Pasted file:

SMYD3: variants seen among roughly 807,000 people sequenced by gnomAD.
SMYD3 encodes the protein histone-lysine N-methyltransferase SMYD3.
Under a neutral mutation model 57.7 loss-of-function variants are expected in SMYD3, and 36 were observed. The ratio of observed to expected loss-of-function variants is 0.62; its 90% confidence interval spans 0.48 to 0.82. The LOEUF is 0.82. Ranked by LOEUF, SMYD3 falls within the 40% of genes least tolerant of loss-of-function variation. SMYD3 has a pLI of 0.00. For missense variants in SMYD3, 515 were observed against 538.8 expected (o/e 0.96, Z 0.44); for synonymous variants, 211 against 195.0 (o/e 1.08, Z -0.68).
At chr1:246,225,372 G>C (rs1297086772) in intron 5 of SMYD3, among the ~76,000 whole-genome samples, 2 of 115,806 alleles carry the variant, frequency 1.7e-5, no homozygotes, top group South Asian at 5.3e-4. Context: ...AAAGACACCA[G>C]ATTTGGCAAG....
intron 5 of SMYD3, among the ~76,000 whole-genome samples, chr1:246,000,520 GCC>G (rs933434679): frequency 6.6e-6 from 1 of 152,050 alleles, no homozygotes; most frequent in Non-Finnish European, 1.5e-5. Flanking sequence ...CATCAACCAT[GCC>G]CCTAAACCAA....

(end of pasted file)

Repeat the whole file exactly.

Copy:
SMYD3: variants seen among roughly 807,000 people sequenced by gnomAD.
SMYD3 encodes the protein histone-lysine N-methyltransferase SMYD3.
Under a neutral mutation model 57.7 loss-of-function variants are expected in SMYD3, and 36 were observed. The ratio of observed to expected loss-of-function variants is 0.62; its 90% confidence interval spans 0.48 to 0.82. The LOEUF is 0.82. Ranked by LOEUF, SMYD3 falls within the 40% of genes least tolerant of loss-of-function variation. SMYD3 has a pLI of 0.00. For missense variants in SMYD3, 515 were observed against 538.8 expected (o/e 0.96, Z 0.44); for synonymous variants, 211 against 195.0 (o/e 1.08, Z -0.68).
At chr1:246,225,372 G>C (rs1297086772) in intron 5 of SMYD3, among the ~76,000 whole-genome samples, 2 of 115,806 alleles carry the variant, frequency 1.7e-5, no homozygotes, top group South Asian at 5.3e-4. Context: ...AAAGACACCA[G>C]ATTTGGCAAG....
intron 5 of SMYD3, among the ~76,000 whole-genome samples, chr1:246,000,520 GCC>G (rs933434679): frequency 6.6e-6 from 1 of 152,050 alleles, no homozygotes; most frequent in Non-Finnish European, 1.5e-5. Flanking sequence ...CATCAACCAT[GCC>G]CCTAAACCAA....